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This article in AJ

  1. Vol. 93 No. 2, p. 271-280
    Received: Jan 31, 2000

    * Corresponding author(s): hatfield@nstl.gov


Managing Soils to Achieve Greater Water Use Efficiency

  1. Jerry L. Hatfield *,
  2. Thomas J. Sauer and
  3. John H. Prueger
  1. USDA-ARS, Natl. Soil Tilth Lab., 2150 Pammel Dr., Ames, Iowa 50011


Water use efficiency (WUE) represents a given level of biomass or grain yield per unit of water used by the crop. With increasing concern about the availability of water resources in both irrigated and rainfed agriculture, there is renewed interest in trying to develop an understanding of how WUE can be improved and how farming systems can be modified to be more efficient in water use. This review and synthesis of the literature is directed toward understanding the role of soil management practices for WUE. Soil management practices affect the processes of evapotranspiration by modifying the available energy, the available water in the soil profile, or the exchange rate between the soil and the atmosphere. Plant management practices, e.g., the addition of N and P, have an indirect effect on water use through the physiological efficiency of the plant. A survey of the literature reveals a large variation in measured WUE across a range of climates, crops, and soil management practices. It is possible to increase WUE by 25 to 40% through soil management practices that involve tillage. Overall, precipitation use efficiency can be enhanced through adoption of more intensive cropping systems in semiarid environments and increased plant populations in more temperate and humid environments. Modifying nutrient management practices can increase WUE by 15 to 25%. Water use efficiency can be increased through proper management, and field-scale experiences show that these changes positively affect crop yield.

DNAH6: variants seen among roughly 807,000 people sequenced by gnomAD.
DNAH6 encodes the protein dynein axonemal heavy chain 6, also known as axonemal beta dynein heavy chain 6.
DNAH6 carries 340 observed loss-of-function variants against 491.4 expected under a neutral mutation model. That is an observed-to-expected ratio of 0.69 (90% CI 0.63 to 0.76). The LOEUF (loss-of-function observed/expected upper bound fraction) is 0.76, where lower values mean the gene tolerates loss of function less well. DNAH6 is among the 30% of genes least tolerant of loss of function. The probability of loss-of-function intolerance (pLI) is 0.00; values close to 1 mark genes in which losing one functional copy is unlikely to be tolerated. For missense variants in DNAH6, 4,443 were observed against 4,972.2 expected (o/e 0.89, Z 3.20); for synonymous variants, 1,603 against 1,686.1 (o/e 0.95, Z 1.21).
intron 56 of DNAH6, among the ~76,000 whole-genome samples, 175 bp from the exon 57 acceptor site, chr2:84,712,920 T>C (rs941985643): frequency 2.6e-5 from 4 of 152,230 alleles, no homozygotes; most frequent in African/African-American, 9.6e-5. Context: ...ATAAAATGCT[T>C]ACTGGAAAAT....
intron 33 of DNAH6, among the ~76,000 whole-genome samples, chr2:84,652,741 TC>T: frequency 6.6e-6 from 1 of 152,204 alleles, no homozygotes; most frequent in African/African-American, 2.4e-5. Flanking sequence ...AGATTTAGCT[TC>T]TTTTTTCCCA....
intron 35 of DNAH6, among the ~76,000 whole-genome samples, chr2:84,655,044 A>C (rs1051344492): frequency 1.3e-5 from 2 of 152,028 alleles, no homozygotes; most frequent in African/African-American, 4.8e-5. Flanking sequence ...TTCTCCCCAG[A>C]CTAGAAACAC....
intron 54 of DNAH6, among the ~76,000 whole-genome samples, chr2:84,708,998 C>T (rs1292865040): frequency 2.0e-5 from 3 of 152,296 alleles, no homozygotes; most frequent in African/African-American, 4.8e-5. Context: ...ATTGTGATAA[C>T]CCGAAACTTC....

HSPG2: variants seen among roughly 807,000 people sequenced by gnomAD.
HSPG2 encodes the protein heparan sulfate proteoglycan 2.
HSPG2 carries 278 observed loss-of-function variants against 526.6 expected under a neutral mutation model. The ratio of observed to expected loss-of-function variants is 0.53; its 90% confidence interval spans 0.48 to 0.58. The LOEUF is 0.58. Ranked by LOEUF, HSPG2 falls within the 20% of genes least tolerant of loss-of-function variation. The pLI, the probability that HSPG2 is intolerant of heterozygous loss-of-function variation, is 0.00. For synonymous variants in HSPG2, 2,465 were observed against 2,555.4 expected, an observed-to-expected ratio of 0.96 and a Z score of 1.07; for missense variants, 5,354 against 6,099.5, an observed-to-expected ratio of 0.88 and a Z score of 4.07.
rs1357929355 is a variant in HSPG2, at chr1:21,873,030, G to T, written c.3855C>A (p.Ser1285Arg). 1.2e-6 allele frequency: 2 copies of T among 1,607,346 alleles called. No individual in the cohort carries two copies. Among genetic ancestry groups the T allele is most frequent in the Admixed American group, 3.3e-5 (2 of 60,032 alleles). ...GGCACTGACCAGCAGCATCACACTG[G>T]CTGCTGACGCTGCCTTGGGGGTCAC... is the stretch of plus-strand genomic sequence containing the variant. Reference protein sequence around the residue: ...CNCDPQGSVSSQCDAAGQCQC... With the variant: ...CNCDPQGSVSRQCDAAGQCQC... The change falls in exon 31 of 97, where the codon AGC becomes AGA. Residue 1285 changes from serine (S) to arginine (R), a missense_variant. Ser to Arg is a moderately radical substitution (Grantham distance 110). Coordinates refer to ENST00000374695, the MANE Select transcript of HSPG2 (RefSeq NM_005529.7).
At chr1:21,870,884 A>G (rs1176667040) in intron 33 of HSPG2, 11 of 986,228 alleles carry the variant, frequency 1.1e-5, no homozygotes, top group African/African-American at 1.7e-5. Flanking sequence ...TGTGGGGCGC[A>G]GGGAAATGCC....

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Copyright © 2001. American Society of AgronomyPublished in Agron. J.93:271–280.